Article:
Friday, December 22, 2006

One of my loves is flora

An Arbutus tree is my favorite tree, generally, not specifically. An arbutus tree is a thing of beauty to behold. Ok I feel that way about most trees. Truth be told, each has it's own wonder to share and lessons to teach. None the same, yet all similar and different. Still the arbutus has a special place in my heart, along side the Douglas Fir, Western Red Cedar, Western Hemlock, Yellow Cedar, Red Alder, and Broad leaf Maple of my early years. It is somewhat unfortunate that I met Vine Maple in my late teens and had to build trail through it's tendency to droop and drape and fall. The many overlapping leaves can bring layered beauty to be sure, but it is not an elder companion and constant friend as were the trees of my youth.

I think, in my heart, I view the arbutus as the Orthodox viewed the Pope. I hold the arbutus tree to be, for me, the first among equals. The reds and oranges of the curling wisps of bark. The deep waxy green of the leaves. Those crazy berries that look so wild and are great fun to throw at a brother. The wild unchartable path of growth, with many twists and turns, that goes on to enhance the marvelous mystique and wonder of that tree. Being part of the 3rd generation to be born on this coastline I feel like I have a history here. A love for the land and the trees, for the rain and the sea.

There is a story from when my mother was a little girl. She had learned the names of the various trees. Including one that grew on the adjacent property. One day that tree was being cut down and she roared home in great concern for her butus tree. How could they do that with her butus tree? Someone explained that it was on the other fellow's property but she still didn't understand. Realization dawned on the faces of those around as she said one more "how can it be his tree? I thought it was our butus tree?"

And I think she was right. It is our butus tree. They are our butus trees. Ours to admire, appreciate, and share.

But perhaps their time has come. Perhaps my family's relationship with those great evergreen broadleaves is coming to a close. Due to climatic change, their range is shifting. A blight is also killing them off in many of the areas I came to first meet these trees. These unconventional coastal fellows who seem to go whichever way they chose. In some places all that remains is their stark skeletal frame, twisted and naked, all of the vibrant colour shed to the forest floor. Sun bleached bare branch bones, the only monument that remains of what once was there.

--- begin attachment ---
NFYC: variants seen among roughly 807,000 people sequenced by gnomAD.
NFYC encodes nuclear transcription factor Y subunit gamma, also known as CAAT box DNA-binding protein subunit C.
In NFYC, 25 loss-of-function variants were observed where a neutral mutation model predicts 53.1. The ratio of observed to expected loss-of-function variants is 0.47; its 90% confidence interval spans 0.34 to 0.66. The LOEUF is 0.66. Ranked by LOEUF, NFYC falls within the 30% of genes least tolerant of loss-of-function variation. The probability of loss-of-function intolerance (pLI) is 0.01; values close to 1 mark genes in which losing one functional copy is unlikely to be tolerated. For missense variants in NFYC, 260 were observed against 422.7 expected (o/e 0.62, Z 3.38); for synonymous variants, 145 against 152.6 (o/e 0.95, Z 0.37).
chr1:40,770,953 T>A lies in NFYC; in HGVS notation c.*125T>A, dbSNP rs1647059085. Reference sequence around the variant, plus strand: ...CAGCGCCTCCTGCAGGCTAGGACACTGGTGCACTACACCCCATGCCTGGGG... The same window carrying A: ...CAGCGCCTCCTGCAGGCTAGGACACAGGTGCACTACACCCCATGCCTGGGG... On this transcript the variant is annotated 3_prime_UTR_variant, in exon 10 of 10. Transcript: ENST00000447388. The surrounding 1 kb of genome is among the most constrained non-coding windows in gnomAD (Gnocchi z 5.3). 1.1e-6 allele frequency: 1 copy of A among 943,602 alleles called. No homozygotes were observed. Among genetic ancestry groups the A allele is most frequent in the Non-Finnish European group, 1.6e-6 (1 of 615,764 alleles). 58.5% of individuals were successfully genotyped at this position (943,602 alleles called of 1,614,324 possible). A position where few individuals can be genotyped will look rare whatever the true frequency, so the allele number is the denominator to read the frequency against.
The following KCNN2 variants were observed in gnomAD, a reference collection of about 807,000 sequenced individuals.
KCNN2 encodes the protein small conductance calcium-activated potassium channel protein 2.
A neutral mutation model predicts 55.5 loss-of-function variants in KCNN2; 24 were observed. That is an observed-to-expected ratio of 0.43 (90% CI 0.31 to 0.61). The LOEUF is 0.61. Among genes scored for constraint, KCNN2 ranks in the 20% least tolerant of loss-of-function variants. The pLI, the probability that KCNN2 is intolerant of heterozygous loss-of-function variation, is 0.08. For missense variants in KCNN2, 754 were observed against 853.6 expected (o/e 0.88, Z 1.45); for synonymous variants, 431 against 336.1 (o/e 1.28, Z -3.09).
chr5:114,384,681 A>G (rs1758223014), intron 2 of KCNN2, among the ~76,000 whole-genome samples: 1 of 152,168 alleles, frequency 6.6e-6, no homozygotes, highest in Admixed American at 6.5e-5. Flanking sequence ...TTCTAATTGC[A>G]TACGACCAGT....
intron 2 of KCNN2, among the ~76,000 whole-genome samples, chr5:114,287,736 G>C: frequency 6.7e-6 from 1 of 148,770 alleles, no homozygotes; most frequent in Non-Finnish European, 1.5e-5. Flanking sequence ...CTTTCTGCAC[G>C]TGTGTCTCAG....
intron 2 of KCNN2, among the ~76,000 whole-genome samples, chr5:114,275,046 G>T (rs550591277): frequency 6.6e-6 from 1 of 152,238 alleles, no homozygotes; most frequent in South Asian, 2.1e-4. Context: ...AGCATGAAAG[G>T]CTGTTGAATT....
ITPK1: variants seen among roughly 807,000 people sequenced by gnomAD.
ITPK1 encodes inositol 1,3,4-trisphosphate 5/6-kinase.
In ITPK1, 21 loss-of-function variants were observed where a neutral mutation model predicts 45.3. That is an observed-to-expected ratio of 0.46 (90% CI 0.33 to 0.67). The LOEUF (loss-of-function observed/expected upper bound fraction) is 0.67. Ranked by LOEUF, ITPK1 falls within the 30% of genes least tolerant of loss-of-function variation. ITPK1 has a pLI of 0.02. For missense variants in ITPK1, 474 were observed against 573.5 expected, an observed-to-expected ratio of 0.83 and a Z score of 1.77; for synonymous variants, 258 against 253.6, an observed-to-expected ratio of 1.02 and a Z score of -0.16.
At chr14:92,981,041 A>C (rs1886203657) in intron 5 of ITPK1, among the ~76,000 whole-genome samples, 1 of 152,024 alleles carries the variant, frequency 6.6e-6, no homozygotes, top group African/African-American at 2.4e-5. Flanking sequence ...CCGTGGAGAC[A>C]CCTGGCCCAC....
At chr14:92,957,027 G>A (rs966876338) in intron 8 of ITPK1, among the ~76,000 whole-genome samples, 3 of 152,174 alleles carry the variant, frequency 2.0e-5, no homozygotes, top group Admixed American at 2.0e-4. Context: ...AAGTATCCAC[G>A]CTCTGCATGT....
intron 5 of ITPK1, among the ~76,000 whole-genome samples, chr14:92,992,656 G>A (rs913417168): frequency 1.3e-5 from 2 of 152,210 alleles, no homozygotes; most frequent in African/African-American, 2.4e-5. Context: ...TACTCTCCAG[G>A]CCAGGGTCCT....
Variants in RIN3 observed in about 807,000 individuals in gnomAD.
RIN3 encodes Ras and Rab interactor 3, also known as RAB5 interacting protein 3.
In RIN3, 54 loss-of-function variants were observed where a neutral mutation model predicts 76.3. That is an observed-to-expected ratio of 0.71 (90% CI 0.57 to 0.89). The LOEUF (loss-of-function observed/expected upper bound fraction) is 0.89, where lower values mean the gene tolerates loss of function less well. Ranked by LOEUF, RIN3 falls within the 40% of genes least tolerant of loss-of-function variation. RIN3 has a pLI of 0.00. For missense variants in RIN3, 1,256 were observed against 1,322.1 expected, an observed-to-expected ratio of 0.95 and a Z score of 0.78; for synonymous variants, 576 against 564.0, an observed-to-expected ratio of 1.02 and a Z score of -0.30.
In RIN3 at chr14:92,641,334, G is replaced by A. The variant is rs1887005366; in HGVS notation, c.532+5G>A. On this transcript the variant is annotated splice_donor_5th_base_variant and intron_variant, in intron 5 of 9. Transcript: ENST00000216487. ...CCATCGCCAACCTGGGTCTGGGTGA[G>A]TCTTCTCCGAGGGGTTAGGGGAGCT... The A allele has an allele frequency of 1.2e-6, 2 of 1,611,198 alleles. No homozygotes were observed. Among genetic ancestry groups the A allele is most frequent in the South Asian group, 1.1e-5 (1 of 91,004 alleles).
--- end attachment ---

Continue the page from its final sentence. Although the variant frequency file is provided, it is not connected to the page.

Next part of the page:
Yet as the climate changes and growth patterns alter, as species move and adapt, I am still in wonder and awe at the world and it's movements. There is a sorrow in the passing of these trees, but a joy as well. In light of their fragility and temporance I appreciate the time I have with my favorite of trees. It is a lesson I'm learning to apply to other areas of life as well. Perhaps it is wisdom, perhaps growing older, "perhaps it's about damn time" some may say.

I become less able to define the "whys" behind things and have become more to just be thankful and enjoy it while I can. I feel this is a good thing. And other then when I'm having momentary stressful times, I'm generally pretty content.

So thank you. Thank you my family. Thank you my friends. Thank you for the life this far lead. Thank you for what the day brings and what it does not. Thank you for each second, each breath, each extra beat that we've got. Sooner or later this road it does stop. So enjoy the roadtrip and all it entails.

Till our paths cross again. I'll be travelling my road too, then perhaps for a time we'll get to share a car, a meal, a breakdown, an adventure, or a pit stop.
Till that day we meet again,
I remain,
heading onward inward, and inward out.

1 comment:

bluelicorice said...

travelling different roads is what makes people unique. then when we meet again we can share our crazy random stories creating unique insights into worlds that are not our own.